The galley design is truly the best I have seen among the production cats, as well as the owner version amenities. I have been very impressed with the thoughfulness of the deck plan and the ease of sail handling. Lagoon has even addressed most of my pet peeves (removing that silly teak toerail and putting the anchor handling back on the bow where it belongs).

I think these elements will make the 420 a desirable cruiser, all on their own. If they do end up pulling off the hybrid propulsion system as advertised, then the 420 may very well end up being the most desirable contemporary production cat on the market.

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Old 18-06-2006, 20:57   #94
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Unhappy Valence Batteries

http://reviews.cnet.com/Valence_N_Ch...-30602174.html

Look at the real life reviews of the Valence battery designed to power laptops. If they can't build a small battery like this, I wonder what would happen to their $2500 130 Ah battery?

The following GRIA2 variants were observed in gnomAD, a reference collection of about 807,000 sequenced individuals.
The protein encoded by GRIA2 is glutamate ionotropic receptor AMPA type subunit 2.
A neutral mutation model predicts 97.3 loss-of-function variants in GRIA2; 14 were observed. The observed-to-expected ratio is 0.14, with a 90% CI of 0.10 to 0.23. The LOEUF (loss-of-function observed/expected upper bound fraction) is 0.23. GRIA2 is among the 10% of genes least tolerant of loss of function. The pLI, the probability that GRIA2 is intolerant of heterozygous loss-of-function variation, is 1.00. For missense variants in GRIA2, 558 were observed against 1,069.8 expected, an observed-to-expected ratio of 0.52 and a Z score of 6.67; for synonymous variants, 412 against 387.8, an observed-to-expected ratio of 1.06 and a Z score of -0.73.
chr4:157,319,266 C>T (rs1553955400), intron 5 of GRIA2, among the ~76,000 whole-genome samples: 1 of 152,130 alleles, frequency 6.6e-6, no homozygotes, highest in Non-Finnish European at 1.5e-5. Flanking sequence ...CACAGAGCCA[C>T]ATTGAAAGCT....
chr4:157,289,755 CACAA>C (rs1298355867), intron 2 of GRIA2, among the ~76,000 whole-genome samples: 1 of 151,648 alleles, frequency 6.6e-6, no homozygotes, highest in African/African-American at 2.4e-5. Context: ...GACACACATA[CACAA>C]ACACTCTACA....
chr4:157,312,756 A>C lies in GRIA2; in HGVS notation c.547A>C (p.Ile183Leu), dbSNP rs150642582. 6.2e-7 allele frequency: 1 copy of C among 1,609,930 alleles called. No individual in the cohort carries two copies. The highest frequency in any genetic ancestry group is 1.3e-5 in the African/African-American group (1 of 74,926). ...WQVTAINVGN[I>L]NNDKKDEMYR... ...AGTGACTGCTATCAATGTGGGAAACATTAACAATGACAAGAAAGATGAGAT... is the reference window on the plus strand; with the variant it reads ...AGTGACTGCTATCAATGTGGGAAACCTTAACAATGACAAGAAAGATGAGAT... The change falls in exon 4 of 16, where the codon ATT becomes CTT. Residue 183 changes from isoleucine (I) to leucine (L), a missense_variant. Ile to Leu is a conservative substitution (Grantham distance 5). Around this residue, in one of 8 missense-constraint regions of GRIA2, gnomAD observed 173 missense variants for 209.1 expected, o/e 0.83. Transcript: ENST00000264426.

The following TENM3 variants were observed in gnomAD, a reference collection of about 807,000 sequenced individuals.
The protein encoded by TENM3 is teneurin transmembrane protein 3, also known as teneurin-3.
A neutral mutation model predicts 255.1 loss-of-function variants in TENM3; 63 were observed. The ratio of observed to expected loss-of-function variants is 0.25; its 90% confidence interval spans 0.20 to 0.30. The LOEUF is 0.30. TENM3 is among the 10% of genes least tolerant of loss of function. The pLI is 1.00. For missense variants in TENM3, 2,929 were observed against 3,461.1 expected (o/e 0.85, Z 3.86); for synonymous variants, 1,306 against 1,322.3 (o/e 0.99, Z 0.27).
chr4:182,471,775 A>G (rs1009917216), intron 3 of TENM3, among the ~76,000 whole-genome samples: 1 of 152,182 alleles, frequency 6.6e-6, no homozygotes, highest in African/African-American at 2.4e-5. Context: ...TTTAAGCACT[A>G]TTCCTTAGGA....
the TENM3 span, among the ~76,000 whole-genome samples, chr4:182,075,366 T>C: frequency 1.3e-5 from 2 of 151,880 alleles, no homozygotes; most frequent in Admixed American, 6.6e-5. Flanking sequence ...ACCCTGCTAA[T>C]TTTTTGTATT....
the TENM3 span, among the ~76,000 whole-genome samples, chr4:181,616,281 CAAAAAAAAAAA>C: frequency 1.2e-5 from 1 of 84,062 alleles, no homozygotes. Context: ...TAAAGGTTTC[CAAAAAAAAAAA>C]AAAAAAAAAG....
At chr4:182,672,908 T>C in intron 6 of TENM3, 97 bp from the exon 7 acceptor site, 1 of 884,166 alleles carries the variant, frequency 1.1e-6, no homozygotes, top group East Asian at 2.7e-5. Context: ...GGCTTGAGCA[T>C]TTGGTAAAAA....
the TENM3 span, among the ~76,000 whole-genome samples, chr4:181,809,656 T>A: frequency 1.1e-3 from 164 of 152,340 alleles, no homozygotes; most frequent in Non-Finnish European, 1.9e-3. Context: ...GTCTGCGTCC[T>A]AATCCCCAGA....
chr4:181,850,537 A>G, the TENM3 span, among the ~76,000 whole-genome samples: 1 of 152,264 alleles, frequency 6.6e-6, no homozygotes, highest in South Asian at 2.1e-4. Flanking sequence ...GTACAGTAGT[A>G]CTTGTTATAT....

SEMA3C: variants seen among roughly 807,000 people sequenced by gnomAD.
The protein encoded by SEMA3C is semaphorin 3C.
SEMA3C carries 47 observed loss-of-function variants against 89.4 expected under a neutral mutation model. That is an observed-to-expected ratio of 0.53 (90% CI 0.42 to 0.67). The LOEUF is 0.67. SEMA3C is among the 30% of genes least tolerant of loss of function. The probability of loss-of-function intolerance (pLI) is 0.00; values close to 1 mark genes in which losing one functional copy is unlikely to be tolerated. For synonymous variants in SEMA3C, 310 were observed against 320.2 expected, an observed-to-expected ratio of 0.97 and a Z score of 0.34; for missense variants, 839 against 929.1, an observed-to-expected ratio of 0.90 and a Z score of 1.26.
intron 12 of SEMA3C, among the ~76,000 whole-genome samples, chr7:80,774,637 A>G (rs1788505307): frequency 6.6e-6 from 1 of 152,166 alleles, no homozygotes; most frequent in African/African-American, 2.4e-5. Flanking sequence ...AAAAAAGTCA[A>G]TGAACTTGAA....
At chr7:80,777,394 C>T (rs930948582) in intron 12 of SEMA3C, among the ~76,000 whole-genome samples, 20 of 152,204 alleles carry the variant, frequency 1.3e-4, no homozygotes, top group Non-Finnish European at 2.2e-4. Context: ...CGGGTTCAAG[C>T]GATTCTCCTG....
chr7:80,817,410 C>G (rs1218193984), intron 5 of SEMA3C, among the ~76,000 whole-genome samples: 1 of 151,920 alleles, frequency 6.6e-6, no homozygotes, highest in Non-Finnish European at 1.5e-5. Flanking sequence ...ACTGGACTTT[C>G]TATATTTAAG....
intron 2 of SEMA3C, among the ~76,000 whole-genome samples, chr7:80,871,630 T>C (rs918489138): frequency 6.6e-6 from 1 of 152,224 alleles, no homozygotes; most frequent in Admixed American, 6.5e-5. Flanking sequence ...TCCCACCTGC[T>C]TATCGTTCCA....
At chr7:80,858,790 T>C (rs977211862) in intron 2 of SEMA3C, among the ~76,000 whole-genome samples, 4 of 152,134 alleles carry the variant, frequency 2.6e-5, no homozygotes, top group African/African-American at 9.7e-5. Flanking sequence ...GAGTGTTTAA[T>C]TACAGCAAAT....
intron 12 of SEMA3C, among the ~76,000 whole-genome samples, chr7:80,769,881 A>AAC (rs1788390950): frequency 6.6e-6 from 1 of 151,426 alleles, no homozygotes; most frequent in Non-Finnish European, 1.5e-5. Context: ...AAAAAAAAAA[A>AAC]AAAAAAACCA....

Oh well, it looked like you could setup a Valence bank equal to 25% DOD (where the generator would start anyway) of the standard bank and save 1300 lbs on the transoms. 12 x 65 Ah Li batts at $16000 seemed a good price to take that much weight off the ends, especially if they last the way they claim.

Hopefully, A123, the maker of the Black and Decker 36volt Li power packs, will come through with a battery that actually works.

The L420 will probably work great right out of the box and not need expensive modification.
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Old 20-06-2006, 19:15   #95
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When I first saw the Lagoon electric setup I was very excited and enquired about Sonic/Silette version for my little Prout. When I looked into it further I did come up with some basic issues. Having worked with marine electronics for sometime I quickly realised there may be some long term issues and pains with this setup in saltwater environment. Cruisers do tend to resort to motoring more often then not, this means long hours on electric motors. what is the MTBF(mean time before failure of these motors)?